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  • His Highness the Aga Khan speaking at State Banquet in Dhaka, Bangladesh.
    AKDN / Gary Otte
State banquet during the Golden Jubilee visit in Bangladesh

The Honourable Chief Adviser
Honourable Advisers
Distinguished Guests

I am most grateful to the Chief Adviser for his very kind words, and for the extraordinary warmth of this welcome.

As you know, I am marking this year a half century as Imam of the Shia Ismaili Muslims. To celebrate this Golden Jubilee, I am visiting places which have had particular meaning for the Ismaili Community, for the Aga Khan Development Network, and for me personally, over the last 50 years. My visit to Bangladesh is an important part of that celebration.

When I inherited my office five decades ago from my Grandfather, Sir Sultan Mahomed Shah Aga Khan, I also inherited the special feeling he had for this part of the world. I remember in particular, his response to the partition of India, when he actively encouraged a large number of members of the Ismaili Community to settle in what was then East Pakistan. They found a warm welcome here, and were pleased to integrate fully into Bengali life.

It was on the occasion of my Grandfather’s Platinum Jubilee - marking seventy years of his Imamat - that he first invested in what became a thriving jute mill industry here. The first of those companies continues to exist and is still called the “Platinum Jubilee Jute Mills.”

The success of those early investments encouraged us to make Dhaka our headquarter city when we established the first venture capital and development corporation anywhere in Pakistan in 1966. It later became one of the largest employers and biggest exporters in the country.

Through all of these years, our investments were designed to foster strong, cooperative partnerships with local institutions - not only with governmental bodies but also with private industry, and with the organizations of civil society, a sector which Bangladesh has so constructively encouraged.

This spirit of partnership, in turn, has reflected the spirit of pluralism which also characterizes this society - the readiness of people to work creatively, side by side, with those who are different from them. This quality will also become increasingly important as technology advances in the years ahead, enabling people to travel and trade and talk more often with one another, across cultural and geographic borders.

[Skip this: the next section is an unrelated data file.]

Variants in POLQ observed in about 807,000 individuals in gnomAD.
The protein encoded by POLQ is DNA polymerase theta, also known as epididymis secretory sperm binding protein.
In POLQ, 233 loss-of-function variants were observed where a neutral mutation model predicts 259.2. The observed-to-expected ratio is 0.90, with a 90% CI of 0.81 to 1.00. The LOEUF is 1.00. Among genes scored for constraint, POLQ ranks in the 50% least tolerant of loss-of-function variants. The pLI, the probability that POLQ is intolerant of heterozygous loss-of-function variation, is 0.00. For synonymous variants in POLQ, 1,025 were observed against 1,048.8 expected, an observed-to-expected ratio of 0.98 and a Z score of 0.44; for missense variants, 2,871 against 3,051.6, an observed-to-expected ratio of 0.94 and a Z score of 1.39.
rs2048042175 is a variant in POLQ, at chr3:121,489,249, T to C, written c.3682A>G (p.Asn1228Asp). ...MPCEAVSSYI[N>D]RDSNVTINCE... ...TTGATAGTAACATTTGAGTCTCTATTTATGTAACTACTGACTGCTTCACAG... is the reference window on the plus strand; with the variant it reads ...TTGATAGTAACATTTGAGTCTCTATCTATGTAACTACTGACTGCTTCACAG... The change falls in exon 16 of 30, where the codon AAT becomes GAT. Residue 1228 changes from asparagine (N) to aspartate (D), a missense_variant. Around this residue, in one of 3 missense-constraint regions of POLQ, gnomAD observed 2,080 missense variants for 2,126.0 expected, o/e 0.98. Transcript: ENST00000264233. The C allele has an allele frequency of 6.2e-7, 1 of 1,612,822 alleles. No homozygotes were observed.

Technology is also transforming our economic lives. Economic value is no longer tied to how much land one controls - or how many machines or factories one owns. Within our lifetimes, predominantly “Agricultural Societies” and “Industrial Societies” of the past have been joined - and sometimes supplanted - by what many call the “Knowledge Society,” propelled by the digital revolution, and focusing on the creation and management of information.

In a Knowledge Society, the most productive investments we can make are investments in education. And education is another priority we share with the Bangladeshi people.

Education has always been a central theme in Islamic life- and in the life of my family, going back a thousand years, to my forefathers, the Fatimid Imam-Caliphs of Egypt. My Grandfather built on this tradition by founding a network of some 300 educational institutions, including Aligarh University in India. And we renewed this commitment more recently through the founding of The Aga Khan University and the University of Central Asia.

It seems appropriate therefore that one of my central purposes on this visit will be to lay the foundation stone for a new Aga Khan Academy here in Dhaka. This school will be one node in a network of eighteen high-quality schools located throughout the developing world, global in outlook, but deeply rooted in the local culture, providing a world-class education for boys and girls of all backgrounds, independent of ability to pay. It will educate promising students and develop inspiring teachers. It will be a strong educational resource for the entire country.

As we look to the future of development in Bangladesh, it is important to be realistic about the challenges. But it also is important to remember the distance which has been traveled - and the building blocks which are already in place.

I think, for example, of the strides which have been made here in controlling population growth, developing export trade, establishing micro-credit programmes, improving early childhood care, extending education, especially for women, and fighting corruption - in addition to doubling per capita GDP over the past two decades. The challenge now is to make development both sustainable and equitable, so that it fairly benefits people of all classes, cultures and regions.

The Aga Khan Development Network’s agenda for Bangladesh reflects your agenda. To achieve that agenda will require a continuing spirit of close partnership.

It is in the spirit of partnership, then, that I thank you again for what we have been able to do together in the past, while looking forward to the things we will be attempting together in the future.

I would like you to join me in a pray in wishing peace, success, happiness and unity for all the people of Bangladesh.

My warmest thanks again to all of you.